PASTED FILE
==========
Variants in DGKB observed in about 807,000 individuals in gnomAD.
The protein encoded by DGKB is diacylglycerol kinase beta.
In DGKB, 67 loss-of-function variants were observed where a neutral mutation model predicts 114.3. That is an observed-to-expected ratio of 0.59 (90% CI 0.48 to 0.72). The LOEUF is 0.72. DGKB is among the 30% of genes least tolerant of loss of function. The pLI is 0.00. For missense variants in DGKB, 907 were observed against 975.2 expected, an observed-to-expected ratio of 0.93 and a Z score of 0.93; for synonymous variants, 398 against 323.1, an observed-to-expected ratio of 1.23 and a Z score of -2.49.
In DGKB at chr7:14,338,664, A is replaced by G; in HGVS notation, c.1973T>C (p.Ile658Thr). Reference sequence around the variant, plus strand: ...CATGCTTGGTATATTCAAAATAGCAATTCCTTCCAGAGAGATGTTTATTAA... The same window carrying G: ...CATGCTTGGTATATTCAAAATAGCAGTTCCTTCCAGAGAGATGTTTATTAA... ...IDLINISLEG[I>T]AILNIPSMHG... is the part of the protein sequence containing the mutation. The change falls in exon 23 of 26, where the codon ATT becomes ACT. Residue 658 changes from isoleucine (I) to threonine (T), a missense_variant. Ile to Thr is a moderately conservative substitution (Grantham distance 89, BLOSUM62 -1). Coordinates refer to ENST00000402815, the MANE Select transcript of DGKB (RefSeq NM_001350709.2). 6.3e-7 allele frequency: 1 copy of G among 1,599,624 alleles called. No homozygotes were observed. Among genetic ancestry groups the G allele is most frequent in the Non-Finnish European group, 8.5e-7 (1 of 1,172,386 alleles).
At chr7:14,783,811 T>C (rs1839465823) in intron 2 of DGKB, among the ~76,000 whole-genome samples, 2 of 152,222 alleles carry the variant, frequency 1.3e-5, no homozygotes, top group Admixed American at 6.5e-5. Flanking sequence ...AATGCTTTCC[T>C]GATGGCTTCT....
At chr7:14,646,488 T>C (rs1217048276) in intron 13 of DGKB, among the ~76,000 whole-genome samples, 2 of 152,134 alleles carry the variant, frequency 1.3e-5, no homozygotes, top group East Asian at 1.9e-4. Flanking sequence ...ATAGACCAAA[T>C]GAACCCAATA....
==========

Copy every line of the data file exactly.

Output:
Variants in DGKB observed in about 807,000 individuals in gnomAD.
The protein encoded by DGKB is diacylglycerol kinase beta.
In DGKB, 67 loss-of-function variants were observed where a neutral mutation model predicts 114.3. That is an observed-to-expected ratio of 0.59 (90% CI 0.48 to 0.72). The LOEUF is 0.72. DGKB is among the 30% of genes least tolerant of loss of function. The pLI is 0.00. For missense variants in DGKB, 907 were observed against 975.2 expected, an observed-to-expected ratio of 0.93 and a Z score of 0.93; for synonymous variants, 398 against 323.1, an observed-to-expected ratio of 1.23 and a Z score of -2.49.
In DGKB at chr7:14,338,664, A is replaced by G; in HGVS notation, c.1973T>C (p.Ile658Thr). Reference sequence around the variant, plus strand: ...CATGCTTGGTATATTCAAAATAGCAATTCCTTCCAGAGAGATGTTTATTAA... The same window carrying G: ...CATGCTTGGTATATTCAAAATAGCAGTTCCTTCCAGAGAGATGTTTATTAA... ...IDLINISLEG[I>T]AILNIPSMHG... is the part of the protein sequence containing the mutation. The change falls in exon 23 of 26, where the codon ATT becomes ACT. Residue 658 changes from isoleucine (I) to threonine (T), a missense_variant. Ile to Thr is a moderately conservative substitution (Grantham distance 89, BLOSUM62 -1). Coordinates refer to ENST00000402815, the MANE Select transcript of DGKB (RefSeq NM_001350709.2). 6.3e-7 allele frequency: 1 copy of G among 1,599,624 alleles called. No homozygotes were observed. Among genetic ancestry groups the G allele is most frequent in the Non-Finnish European group, 8.5e-7 (1 of 1,172,386 alleles).
At chr7:14,783,811 T>C (rs1839465823) in intron 2 of DGKB, among the ~76,000 whole-genome samples, 2 of 152,222 alleles carry the variant, frequency 1.3e-5, no homozygotes, top group Admixed American at 6.5e-5. Flanking sequence ...AATGCTTTCC[T>C]GATGGCTTCT....
At chr7:14,646,488 T>C (rs1217048276) in intron 13 of DGKB, among the ~76,000 whole-genome samples, 2 of 152,134 alleles carry the variant, frequency 1.3e-5, no homozygotes, top group East Asian at 1.9e-4. Flanking sequence ...ATAGACCAAA[T>C]GAACCCAATA....